Soaring interest in co-investments may come back to haunt the industry if the cycle turns, warned Andreas Beroutsos in a recent interview with sister title PEI.
Beroutsos, an executive with Canadian financial institution Caisse de dépôt et placement du Québec (CDPQ), said that some firms were only looking at the economic benefits of the arrangement and ignoring the potential for things to go wrong.
“We will only know how well these have fared when the water recedes. We are already high in the current cycle, and people are taking risks they were not taking three to five years ago,” said Beroutsos, who attributes the trend to investor overconfidence.
“Some people doing co-investments are doing so without the relevant teams. They often see that a big private equity firm has already underwritten the deal, so they say ‘it must be safe’.”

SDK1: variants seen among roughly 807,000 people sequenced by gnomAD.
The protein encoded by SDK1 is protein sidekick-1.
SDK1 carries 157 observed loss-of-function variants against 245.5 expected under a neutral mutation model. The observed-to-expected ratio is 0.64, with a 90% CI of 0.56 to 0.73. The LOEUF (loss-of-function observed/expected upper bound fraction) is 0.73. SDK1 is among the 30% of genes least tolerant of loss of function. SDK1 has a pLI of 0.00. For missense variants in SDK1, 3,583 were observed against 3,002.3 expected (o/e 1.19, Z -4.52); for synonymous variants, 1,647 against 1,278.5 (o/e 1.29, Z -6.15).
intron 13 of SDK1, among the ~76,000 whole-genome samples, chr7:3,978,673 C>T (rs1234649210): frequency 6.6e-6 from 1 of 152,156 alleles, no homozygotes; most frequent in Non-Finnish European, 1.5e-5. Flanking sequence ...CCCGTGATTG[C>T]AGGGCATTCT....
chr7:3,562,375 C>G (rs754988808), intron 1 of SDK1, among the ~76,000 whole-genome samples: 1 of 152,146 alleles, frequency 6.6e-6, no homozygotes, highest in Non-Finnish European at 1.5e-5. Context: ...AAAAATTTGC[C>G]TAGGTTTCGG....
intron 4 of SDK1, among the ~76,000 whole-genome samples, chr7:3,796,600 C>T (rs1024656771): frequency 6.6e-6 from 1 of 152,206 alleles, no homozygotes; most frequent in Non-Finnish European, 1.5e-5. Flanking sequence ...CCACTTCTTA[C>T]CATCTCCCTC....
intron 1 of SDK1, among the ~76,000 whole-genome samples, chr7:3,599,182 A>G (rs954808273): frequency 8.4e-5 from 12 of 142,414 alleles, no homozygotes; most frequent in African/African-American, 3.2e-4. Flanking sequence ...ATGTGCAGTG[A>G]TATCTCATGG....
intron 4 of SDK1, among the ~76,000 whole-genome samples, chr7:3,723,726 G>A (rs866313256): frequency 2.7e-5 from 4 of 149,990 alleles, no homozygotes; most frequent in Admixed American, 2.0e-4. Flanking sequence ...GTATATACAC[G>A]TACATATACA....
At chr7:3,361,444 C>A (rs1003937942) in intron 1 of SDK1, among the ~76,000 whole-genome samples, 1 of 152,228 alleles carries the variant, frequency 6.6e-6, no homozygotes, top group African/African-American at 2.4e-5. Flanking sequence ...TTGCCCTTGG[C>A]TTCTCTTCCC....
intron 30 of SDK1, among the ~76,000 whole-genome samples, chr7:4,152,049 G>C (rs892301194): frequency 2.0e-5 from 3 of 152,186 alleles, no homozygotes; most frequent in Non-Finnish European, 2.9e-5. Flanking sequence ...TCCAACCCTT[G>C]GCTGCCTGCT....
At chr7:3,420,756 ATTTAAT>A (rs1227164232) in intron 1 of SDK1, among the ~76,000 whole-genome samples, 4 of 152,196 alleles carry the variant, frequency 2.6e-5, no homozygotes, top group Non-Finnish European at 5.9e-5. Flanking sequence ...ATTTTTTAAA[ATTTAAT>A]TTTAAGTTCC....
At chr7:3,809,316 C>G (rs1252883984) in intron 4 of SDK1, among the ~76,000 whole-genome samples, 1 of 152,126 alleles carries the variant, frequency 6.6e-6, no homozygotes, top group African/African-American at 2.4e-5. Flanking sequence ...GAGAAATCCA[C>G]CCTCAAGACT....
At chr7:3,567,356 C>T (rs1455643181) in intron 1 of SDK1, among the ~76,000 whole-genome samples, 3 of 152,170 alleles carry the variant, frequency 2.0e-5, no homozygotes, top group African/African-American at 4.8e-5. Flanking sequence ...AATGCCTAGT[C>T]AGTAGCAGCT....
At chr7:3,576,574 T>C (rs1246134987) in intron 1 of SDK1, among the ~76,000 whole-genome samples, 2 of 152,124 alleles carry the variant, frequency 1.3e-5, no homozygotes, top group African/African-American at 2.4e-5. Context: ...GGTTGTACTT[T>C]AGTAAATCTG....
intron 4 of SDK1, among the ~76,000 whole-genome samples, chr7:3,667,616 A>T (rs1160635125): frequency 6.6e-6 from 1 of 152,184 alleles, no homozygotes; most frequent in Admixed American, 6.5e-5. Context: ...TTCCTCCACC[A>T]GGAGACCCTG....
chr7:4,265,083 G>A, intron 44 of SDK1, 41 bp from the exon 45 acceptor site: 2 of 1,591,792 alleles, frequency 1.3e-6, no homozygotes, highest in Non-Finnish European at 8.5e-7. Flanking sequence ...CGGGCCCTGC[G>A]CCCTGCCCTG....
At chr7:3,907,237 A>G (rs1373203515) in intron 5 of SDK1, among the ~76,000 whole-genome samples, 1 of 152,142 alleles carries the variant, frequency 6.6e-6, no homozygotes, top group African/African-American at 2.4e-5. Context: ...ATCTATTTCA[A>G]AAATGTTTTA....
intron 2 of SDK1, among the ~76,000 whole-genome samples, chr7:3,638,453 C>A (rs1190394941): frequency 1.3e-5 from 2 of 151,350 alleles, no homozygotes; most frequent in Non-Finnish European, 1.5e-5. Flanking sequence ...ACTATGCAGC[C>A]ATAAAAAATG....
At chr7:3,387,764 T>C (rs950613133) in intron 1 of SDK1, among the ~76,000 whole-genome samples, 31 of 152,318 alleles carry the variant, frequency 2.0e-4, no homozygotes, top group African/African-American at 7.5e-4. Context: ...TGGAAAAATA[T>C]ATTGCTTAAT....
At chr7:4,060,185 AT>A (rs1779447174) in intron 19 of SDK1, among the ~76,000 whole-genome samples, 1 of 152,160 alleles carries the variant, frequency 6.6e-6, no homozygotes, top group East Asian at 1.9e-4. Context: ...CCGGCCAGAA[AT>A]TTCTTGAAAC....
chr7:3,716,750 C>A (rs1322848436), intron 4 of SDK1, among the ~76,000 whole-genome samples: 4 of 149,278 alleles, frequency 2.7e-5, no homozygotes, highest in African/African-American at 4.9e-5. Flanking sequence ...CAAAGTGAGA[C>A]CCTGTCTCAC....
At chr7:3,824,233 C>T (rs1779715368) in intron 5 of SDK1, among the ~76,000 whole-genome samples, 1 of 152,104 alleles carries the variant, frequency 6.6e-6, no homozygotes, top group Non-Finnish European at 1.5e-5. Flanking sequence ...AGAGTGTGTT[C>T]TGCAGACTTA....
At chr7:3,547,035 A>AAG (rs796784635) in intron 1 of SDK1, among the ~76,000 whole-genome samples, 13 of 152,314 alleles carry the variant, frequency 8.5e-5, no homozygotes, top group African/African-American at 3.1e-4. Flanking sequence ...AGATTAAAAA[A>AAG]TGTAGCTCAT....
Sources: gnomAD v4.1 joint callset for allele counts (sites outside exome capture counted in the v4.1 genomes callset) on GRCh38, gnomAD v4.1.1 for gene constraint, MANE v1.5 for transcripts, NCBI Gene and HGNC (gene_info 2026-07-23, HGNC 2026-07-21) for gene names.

Beroutsos said there is a temptation to accelerate direct investing based on previous success, but LPs should “have the wisdom and clarity of mind to not go too far.”
CDPQ plans to grow its own alternatives portfolio from $35 billion to $50 million over the next three and half years. Of that, some $8 billion a year will be used for direct and fund investments across private equity and infrastructure.
CDPQ is also undergoing a period of growth, said Beroutsos, who joined the group 15 months ago when it was staffed with 50 people but plans to expand to 130 people over the next four years. The firm is also planning office openings in Mumbai and Singapore next year to crack the Asia market.